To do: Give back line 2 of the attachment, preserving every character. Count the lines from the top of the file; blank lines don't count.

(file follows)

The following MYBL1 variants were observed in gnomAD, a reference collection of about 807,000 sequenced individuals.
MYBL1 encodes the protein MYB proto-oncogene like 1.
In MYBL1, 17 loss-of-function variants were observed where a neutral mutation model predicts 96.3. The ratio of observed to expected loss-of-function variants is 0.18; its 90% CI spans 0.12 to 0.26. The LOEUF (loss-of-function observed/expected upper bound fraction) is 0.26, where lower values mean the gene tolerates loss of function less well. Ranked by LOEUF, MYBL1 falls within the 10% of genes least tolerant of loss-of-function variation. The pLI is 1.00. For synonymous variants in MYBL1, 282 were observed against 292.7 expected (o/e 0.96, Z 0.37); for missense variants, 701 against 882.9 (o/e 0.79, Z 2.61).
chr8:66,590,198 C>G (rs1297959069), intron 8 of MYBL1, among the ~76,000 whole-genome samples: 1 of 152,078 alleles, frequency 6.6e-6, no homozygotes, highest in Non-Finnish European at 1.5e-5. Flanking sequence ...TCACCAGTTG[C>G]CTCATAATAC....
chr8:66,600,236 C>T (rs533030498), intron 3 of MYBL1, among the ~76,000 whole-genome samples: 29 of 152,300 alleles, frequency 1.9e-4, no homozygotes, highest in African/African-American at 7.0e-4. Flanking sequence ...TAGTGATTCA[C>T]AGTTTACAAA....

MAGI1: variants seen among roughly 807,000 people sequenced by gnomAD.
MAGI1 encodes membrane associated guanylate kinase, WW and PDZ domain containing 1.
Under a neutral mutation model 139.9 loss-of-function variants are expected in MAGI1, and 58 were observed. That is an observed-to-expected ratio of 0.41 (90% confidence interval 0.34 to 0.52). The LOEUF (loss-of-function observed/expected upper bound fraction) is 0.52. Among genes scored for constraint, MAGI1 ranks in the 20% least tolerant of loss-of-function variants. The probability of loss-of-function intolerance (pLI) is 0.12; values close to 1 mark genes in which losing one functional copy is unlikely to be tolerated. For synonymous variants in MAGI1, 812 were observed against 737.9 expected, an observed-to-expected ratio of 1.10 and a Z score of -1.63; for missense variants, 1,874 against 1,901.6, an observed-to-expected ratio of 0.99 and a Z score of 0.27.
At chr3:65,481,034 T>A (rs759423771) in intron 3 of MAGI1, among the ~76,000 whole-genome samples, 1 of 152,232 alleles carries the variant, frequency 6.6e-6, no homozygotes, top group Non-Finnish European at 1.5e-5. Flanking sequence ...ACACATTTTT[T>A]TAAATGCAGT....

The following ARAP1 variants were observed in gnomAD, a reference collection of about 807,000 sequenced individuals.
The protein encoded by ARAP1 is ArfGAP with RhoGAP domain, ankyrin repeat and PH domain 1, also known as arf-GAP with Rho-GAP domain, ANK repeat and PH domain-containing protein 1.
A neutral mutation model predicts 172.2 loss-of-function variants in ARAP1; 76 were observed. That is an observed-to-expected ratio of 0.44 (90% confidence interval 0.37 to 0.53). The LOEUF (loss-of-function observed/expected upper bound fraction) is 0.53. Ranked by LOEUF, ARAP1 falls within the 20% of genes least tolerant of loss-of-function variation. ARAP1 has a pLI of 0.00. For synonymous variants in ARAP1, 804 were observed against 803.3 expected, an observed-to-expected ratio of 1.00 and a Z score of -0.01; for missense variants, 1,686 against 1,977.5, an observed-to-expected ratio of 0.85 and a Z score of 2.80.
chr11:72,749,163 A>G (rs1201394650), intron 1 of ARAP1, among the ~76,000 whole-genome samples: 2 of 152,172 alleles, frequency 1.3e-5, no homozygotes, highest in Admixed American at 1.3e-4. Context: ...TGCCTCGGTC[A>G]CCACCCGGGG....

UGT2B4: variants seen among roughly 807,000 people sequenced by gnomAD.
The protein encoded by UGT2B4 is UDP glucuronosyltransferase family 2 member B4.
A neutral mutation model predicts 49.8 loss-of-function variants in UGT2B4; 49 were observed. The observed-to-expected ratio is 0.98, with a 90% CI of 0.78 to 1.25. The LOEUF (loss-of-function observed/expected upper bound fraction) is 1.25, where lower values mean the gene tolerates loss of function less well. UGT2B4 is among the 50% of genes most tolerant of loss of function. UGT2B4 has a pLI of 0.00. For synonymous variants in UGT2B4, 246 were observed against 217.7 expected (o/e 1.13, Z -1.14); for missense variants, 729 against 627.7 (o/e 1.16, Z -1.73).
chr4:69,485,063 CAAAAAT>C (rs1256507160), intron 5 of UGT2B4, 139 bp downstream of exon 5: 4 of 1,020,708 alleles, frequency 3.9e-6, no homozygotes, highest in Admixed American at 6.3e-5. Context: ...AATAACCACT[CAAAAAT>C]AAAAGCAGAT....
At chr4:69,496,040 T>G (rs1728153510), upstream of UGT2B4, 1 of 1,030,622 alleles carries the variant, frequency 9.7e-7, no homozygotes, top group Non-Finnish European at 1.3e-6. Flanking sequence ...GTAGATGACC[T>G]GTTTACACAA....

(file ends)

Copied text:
MYBL1 encodes the protein MYB proto-oncogene like 1.